Here is how a simple call to action can seriously increase your web page ability to generate leads. Keep reading.
A website that does not contain a CTA- “Call To Action”- will never be successful. Is your website falling behind because of ineffective CTAs? Read how to create the most efficient CTAs on your website.
A call-to-action, otherwise known as a CTA, is a crucial component to any well marketing website. It’s unlikely that you have just one CTA, too, as most websites are riddled with varying CTA’s, depending on the web page’s’ content. A successfully marketed website without CTAs does not exist, as they are an integral part of a much larger marketing picture. However, CTAs can just as easily work against you and your website, if done incorrectly. What goes into a well written CTA and, to what extent, can it truly benefit your profits, conversions, and revenue?
What Makes A CTA?
Your CTA has a simple goal in mind; it aims to convince a certain type of person into committing to an action. This could be as simple as having a web page visitors sign up for a newsletter, or having a potential customer make a purchase. Any goal on any page could be reached with a simple CTA. There an endless amount of “goals” your website may have, and these CTAs can vary. Examples include:
- “Buy Now” or “Add To Cart” options.
- Survey Requests
- Newsletter Subscription Signups
- “Continue Reading” buttons.
- Social Platform shares or likes.
The platform or medium that CTAs come in can also vary greatly, and can range from headers, to pop ups, to ad, to side panels.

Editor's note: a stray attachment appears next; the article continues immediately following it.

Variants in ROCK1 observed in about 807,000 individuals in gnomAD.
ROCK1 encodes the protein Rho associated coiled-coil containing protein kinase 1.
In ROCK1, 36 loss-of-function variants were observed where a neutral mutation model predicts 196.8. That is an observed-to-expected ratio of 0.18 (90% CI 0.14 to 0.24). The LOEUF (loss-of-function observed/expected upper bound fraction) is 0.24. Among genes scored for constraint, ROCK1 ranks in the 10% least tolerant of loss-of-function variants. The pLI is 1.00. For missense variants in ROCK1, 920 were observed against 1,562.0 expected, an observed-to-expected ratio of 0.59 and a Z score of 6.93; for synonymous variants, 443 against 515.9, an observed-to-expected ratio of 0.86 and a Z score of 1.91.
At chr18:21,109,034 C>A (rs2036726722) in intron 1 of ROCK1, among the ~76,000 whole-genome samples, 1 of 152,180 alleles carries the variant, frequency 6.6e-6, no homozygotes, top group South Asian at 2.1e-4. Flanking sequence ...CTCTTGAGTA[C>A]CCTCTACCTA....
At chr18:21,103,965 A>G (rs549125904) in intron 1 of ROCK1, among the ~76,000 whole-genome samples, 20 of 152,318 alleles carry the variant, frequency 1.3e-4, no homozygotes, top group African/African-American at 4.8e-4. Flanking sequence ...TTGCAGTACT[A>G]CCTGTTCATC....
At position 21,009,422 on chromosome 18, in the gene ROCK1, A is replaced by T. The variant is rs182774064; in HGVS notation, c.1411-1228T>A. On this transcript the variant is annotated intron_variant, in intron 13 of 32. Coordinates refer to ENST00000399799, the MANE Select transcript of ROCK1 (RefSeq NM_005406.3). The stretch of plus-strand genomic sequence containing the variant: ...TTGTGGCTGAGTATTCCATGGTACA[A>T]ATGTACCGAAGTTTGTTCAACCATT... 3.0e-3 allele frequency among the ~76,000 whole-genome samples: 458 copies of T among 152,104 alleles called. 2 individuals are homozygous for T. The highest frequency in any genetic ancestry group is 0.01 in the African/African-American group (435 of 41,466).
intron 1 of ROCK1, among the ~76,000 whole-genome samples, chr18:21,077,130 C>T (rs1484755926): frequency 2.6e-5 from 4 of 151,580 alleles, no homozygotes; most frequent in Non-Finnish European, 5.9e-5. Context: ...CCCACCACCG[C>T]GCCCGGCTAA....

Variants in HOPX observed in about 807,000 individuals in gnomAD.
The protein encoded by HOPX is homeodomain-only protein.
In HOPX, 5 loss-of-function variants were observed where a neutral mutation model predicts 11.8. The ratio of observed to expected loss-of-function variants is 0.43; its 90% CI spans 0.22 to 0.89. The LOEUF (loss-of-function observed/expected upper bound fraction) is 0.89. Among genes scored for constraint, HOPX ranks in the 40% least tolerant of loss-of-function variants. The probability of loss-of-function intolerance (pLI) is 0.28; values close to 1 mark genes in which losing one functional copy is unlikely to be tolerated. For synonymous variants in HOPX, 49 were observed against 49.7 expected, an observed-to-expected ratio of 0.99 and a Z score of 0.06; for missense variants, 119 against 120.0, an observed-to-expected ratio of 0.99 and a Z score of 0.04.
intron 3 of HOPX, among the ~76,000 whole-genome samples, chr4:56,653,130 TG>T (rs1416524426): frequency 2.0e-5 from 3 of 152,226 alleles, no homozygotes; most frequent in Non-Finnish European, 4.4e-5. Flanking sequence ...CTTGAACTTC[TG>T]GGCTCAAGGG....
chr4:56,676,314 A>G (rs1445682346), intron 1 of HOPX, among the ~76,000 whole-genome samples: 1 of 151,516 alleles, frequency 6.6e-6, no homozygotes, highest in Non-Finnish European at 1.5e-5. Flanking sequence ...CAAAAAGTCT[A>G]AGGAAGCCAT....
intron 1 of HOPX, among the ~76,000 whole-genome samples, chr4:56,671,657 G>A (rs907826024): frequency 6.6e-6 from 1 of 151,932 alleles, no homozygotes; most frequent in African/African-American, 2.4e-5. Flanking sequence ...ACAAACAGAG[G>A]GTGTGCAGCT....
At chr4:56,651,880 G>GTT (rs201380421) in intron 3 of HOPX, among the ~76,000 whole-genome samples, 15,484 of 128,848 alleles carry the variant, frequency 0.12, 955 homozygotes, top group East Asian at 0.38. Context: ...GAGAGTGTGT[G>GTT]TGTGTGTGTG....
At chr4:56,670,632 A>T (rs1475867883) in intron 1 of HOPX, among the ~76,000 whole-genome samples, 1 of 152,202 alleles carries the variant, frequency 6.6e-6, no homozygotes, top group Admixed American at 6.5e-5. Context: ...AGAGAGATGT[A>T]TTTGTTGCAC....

What Does Your CTA Need?
There are three components to the CTA that need to be thought out for your audience. The locations and placement, the design, and it’s content are the three basic, but necessary aspects to your CTA. Point blank, your CTA needs to be extremely visible and serve a purpose; without this, your CTA fails it’s most primal purpose. Here is a comprehensive breakdown on the three most crucial components of your CTA:
- Placement: Your page could have one single CTA at the start of the page, or it could have multiple, scattered throughout the page in different forms and mediums. No matter what your tactic for distribution, your objective is clear: give every page a CTA, and make the placement meaningful. Make sure they are bright and visible, while still taking care to ensure that they are not pushy or aggressive.
- Design: Make sure your CTA is recognizable. Your visitors need to know why they are on your page, and what actions to take to complete your goal for the page. A widget to enter your email, for example, will make it clear where they can sign up for your newsletter.
- Content: Make your CTA obvious to its’ reader. Be clear and concise. Content creativity is important, yes, but in the end your CTA needs to state what you want your visitor to do; there is no need for extra bells and whistles. At the same time, you need to offer the visitor incentive for performing this action. A demand with no return will not accrue many conversions. For example, instead of “Buy Now!”, your CTA needs to give the visitor a reason for “buying now”. “Add To Cart – Save 35%!” would give them the push needed for committing to this action.